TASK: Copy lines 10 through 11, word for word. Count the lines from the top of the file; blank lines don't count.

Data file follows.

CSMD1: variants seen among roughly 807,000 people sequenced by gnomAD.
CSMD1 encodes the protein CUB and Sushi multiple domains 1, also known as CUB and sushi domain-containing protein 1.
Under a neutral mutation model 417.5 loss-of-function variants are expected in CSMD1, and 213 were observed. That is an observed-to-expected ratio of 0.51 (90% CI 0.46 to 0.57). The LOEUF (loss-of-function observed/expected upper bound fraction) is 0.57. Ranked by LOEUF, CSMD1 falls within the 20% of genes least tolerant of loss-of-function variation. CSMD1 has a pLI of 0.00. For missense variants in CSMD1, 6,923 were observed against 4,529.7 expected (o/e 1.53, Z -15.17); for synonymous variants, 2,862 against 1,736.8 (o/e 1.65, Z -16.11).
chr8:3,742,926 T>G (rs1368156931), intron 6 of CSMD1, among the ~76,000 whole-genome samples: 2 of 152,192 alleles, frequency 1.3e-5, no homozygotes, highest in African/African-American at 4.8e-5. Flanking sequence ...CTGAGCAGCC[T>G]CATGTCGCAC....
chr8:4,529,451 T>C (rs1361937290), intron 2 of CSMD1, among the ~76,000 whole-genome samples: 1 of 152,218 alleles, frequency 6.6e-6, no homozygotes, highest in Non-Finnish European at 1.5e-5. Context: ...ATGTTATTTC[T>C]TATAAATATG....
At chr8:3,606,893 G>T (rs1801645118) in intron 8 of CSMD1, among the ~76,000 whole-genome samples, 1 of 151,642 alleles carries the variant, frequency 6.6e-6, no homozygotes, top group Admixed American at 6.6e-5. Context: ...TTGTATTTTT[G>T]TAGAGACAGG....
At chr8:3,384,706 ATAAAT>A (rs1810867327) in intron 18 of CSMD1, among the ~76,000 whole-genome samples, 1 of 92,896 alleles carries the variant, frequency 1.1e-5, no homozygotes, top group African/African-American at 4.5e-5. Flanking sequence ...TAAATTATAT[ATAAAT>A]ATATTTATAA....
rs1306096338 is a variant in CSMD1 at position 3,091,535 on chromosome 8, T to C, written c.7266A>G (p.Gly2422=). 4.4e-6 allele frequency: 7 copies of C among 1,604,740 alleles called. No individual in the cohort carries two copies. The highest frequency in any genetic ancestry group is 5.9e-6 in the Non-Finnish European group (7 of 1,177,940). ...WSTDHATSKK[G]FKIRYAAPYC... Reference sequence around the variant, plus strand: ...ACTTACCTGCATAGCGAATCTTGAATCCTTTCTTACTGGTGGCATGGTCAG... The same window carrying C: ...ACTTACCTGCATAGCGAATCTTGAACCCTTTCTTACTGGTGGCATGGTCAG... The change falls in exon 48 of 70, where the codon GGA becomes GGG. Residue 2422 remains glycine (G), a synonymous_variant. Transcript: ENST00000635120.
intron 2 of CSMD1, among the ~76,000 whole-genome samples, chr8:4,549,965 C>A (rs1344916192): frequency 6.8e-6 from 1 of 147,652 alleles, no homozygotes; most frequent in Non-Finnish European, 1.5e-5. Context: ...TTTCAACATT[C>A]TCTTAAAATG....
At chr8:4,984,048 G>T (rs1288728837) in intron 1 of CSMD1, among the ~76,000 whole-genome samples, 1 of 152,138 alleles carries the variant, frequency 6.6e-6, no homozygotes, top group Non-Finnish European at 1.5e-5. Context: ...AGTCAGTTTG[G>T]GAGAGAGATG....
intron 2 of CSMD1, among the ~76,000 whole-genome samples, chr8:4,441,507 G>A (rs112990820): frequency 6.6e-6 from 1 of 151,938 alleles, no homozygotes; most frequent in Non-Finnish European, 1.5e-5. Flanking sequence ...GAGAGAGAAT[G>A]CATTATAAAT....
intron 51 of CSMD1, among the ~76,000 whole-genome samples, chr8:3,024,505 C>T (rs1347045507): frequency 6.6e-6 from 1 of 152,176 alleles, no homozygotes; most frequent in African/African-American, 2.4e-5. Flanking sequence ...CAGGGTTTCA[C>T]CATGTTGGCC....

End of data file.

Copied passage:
At chr8:4,984,048 G>T (rs1288728837) in intron 1 of CSMD1, among the ~76,000 whole-genome samples, 1 of 152,138 alleles carries the variant, frequency 6.6e-6, no homozygotes, top group Non-Finnish European at 1.5e-5. Context: ...AGTCAGTTTG[G>T]GAGAGAGATG....
intron 2 of CSMD1, among the ~76,000 whole-genome samples, chr8:4,441,507 G>A (rs112990820): frequency 6.6e-6 from 1 of 151,938 alleles, no homozygotes; most frequent in Non-Finnish European, 1.5e-5. Flanking sequence ...GAGAGAGAAT[G>A]CATTATAAAT....